Politeness is the key to positive workplaces

My daughter uses virtual assistants to help her with homework. Several times a week she can be heard shouting trivia questions into her device: “Hey Siri, spell onomatopoeia!” or “Hey Siri, what was the War of the Roses?”. I guess virtual assistants are pretty handy where homework is concerned.

But it is in our youth when many of our key norms in life are learned, and although these questions seem quite normal when speaking to a device, what would they sound like if asked of a human being? What’s the difference between “Spell onomatopoeia!” and “Please could you help me spell onomatopoeia?”. Will politeness continue to be important in our future, and is politeness in decline among humans?

Statista’s US survey determined that 74% of people think Americans are more rude today than 10 years ago. Similar results have been forthcoming from surveys in the UK, mostly conducted by newspapers and other media outlets. If it is emerging AI that is driving this — and that’s a big ‘if’ — then it will only get worse. By 2021, 1.8 billion people are expected to use virtual assistants, and the variety of tasks for which they will be used is expanding and becoming more varied.

Does this mean that the workplace will get progressively less polite? And should we be worried about this?

The dynamics of politeness

Although its norms and forms have changed a lot over the centuries, politeness has always been a part of how we interact as humans and an important part of how we teach our children about behavior norms. Students of linguistics may be familiar with Brown and Levinson’s Politeness Theory, which argues that politeness depends on three factors:

  • The relative power of the requestee over the requestor
  • The degree of imposition of the request
  • The ‘social distance’ between the requestor and requestee

When laid out in this way, you can see why politeness it getting a major shake up as technology is breaking down traditional concepts of power and social distance. Humans have 100% power and zero social distance when dealing with AI in one direction. However, as AI technology develops and looks to be more accepted as a replacement for human effort, there is a high level of incentive to design AI to be polite to humans (for example Google’s latest experiments with telephone reservations made by Duplex).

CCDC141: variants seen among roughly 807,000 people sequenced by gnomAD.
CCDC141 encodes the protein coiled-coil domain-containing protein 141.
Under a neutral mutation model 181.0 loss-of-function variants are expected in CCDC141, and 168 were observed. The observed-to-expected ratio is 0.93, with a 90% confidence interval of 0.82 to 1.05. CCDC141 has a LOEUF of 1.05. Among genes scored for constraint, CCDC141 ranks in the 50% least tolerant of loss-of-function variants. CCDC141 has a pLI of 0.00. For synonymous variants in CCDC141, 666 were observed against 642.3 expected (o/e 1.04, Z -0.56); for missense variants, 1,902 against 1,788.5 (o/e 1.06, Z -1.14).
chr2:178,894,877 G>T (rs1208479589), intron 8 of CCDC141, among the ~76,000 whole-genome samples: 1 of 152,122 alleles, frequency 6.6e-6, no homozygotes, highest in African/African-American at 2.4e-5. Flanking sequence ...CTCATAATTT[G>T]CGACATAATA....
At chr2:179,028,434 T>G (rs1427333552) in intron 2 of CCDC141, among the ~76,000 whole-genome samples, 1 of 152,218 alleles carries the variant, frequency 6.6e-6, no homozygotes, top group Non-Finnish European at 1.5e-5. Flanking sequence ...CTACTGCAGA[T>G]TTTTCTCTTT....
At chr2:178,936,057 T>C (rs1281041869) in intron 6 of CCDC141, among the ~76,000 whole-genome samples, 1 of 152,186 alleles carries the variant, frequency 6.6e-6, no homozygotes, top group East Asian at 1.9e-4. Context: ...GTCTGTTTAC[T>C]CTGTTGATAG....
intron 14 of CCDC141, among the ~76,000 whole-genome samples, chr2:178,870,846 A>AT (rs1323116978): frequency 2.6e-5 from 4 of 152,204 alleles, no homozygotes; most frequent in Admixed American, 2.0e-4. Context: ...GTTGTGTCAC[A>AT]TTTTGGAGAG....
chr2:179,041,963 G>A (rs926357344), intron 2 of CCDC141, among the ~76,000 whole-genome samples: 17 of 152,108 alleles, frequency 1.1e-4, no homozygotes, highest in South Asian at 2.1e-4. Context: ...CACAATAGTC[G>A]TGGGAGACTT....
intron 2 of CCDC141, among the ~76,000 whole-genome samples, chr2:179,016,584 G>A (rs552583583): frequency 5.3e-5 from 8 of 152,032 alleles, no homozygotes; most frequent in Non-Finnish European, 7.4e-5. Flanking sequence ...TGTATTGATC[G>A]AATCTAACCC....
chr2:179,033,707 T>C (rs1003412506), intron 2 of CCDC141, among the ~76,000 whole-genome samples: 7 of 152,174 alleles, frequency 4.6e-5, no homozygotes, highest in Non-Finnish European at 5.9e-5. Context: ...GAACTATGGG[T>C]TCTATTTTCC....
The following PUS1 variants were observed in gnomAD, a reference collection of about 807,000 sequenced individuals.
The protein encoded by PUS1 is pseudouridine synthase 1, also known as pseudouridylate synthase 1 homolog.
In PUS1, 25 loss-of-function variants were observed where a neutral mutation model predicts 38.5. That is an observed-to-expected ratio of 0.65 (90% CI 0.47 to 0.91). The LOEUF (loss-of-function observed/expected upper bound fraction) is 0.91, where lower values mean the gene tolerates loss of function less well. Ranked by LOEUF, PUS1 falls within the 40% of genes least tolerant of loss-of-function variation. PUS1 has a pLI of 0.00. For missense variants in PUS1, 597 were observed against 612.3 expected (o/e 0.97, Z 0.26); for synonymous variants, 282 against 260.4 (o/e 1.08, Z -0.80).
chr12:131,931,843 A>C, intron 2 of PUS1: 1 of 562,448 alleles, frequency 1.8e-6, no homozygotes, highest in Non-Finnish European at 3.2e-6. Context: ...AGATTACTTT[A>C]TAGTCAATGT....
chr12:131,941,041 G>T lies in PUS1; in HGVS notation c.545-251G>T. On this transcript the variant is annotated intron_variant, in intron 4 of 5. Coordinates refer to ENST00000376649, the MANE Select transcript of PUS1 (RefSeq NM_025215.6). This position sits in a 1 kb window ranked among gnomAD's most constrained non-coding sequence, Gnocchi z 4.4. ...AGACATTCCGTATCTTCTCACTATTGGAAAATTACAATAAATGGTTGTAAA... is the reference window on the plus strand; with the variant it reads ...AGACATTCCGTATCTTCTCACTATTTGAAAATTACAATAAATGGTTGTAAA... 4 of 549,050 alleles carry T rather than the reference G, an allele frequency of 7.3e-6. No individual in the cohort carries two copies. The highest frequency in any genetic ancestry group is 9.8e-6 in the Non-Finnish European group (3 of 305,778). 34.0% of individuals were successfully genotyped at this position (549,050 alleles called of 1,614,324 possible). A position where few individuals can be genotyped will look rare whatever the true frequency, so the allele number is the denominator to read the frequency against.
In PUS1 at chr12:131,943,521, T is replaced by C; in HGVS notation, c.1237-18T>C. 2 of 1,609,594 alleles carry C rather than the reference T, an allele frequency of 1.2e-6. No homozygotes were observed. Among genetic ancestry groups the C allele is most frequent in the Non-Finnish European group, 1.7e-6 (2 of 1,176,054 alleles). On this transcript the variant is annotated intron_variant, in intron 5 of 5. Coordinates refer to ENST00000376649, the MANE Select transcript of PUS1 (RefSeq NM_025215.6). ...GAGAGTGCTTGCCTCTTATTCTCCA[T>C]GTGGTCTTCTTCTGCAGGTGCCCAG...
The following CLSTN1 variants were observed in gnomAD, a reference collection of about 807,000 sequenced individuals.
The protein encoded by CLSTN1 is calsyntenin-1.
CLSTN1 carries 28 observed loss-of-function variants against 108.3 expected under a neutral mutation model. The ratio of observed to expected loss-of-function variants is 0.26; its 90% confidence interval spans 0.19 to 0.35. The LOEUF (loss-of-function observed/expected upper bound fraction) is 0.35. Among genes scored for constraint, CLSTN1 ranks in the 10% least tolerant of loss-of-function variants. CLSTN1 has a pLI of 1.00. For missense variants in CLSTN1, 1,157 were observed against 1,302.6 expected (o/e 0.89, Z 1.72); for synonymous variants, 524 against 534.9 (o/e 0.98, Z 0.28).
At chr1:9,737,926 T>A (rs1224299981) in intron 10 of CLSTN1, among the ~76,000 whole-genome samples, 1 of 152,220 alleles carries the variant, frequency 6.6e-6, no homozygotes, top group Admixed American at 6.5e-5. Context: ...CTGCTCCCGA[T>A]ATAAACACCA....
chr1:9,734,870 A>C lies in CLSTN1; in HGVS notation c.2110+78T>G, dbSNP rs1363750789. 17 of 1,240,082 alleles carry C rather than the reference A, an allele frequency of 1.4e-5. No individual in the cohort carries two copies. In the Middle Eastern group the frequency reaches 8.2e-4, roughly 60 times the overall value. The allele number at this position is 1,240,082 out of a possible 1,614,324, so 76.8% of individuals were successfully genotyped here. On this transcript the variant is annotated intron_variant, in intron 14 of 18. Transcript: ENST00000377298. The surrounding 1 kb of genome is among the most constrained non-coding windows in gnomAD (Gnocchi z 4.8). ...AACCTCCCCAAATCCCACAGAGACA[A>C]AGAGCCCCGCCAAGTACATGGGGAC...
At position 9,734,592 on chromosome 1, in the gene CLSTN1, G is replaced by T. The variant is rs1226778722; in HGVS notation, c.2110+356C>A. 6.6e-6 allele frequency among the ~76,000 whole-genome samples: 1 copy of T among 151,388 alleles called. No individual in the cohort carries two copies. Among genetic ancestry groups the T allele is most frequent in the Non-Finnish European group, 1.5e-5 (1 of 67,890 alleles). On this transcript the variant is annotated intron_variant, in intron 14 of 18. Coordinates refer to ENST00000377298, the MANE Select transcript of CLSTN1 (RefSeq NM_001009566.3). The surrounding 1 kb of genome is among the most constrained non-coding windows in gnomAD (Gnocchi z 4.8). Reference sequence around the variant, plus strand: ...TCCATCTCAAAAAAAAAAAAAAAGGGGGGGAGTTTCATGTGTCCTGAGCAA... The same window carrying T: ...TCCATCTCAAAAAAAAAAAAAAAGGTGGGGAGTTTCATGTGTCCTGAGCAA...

Might we be seeing a future where machines are more polite than their human designers?

Politeness in the workplace

Research indicates that politeness is declining substantially in the workplace. One report estimates that 96% of employees have experienced rudeness or incivility in the workplace, and 50% experience it at least once a week.

The effect is a damaging one. In particular, some great research done for a HBR article in 2013 concluded, among other things:

  • 78% of those who experienced a lack of civility in the workplace were less committed to their organization as a result
  • 66% said that their performance declined
  • 80% lost work time worrying about it

And for those that need to see a dollar figure, Cisco concluded in an internal study that lack of politeness in the workplace cost them about $12 million per year.

Politeness is a culture

A memorable exchange from one of my favourite TV shows, Mad Men, between creative director Don and loyal copywriter Peggy goes like this:

Don: It’s your job. I give you money, you give me ideas.

Peggy: And you never say thank you.

Don: That’s what the money is for!

Pay packets are no replacement for politeness. Being polite is how we show genuine appreciation and respect for colleagues, their contributions and their opinions. It’s how we give thanks and praise. People remember genuine and sincere expressions much more than they remember a line on a payslip, and if those expressions are lacking over time, motivation will decline and people will wonder why they are working so hard.

Politeness is a culture we can influence in both a human and technological way. Technologically, AI can encourage people to be polite if it is designed in the right way. Currently, its all about efficiency, but it doesn’t have to be. Alexa can be programmed to require a ‘please’ before a command is executed. It could even be programmed to take longer to respond if prior commands are missing too many expressions of politeness.

But it’s also down to humans to model polite behavior. As a leader, it’s important to me to establish a polite culture by being polite myself. I find it easy because I do genuinely feel appreciation and thanks for the contributions of others, and so the only thing I need to make sure I do is verbalize this frequently. I hope it’s the same for you.

If politeness is under threat, then dealing with that threat is a matter of the choices we make in our work, our invention, and our behavior. The future of politeness is entirely under our control.

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